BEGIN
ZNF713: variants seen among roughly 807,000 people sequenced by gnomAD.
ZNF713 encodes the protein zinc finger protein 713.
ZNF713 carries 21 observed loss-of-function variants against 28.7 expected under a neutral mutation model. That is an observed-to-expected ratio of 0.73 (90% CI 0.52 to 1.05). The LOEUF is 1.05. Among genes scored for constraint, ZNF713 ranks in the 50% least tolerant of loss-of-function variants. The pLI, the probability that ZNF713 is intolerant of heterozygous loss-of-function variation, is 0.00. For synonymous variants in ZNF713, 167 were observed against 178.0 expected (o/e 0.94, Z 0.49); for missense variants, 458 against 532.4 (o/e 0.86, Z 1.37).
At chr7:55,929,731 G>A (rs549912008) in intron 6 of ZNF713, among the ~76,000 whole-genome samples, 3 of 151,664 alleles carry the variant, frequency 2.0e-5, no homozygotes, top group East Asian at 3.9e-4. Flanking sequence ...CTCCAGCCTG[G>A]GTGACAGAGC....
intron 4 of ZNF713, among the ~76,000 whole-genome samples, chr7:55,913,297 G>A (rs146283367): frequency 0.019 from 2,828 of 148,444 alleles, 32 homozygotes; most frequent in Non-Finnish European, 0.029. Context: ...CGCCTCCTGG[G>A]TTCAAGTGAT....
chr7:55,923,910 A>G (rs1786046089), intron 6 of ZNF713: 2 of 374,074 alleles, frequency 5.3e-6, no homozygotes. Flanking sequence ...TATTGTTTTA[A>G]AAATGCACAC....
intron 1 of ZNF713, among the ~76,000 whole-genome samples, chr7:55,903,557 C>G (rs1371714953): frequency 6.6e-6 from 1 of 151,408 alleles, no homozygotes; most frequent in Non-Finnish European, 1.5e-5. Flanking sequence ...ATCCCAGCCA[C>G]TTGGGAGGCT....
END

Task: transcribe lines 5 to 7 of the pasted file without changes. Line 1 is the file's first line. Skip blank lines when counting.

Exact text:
intron 4 of ZNF713, among the ~76,000 whole-genome samples, chr7:55,913,297 G>A (rs146283367): frequency 0.019 from 2,828 of 148,444 alleles, 32 homozygotes; most frequent in Non-Finnish European, 0.029. Context: ...CGCCTCCTGG[G>A]TTCAAGTGAT....
chr7:55,923,910 A>G (rs1786046089), intron 6 of ZNF713: 2 of 374,074 alleles, frequency 5.3e-6, no homozygotes. Flanking sequence ...TATTGTTTTA[A>G]AAATGCACAC....
intron 1 of ZNF713, among the ~76,000 whole-genome samples, chr7:55,903,557 C>G (rs1371714953): frequency 6.6e-6 from 1 of 151,408 alleles, no homozygotes; most frequent in Non-Finnish European, 1.5e-5. Flanking sequence ...ATCCCAGCCA[C>G]TTGGGAGGCT....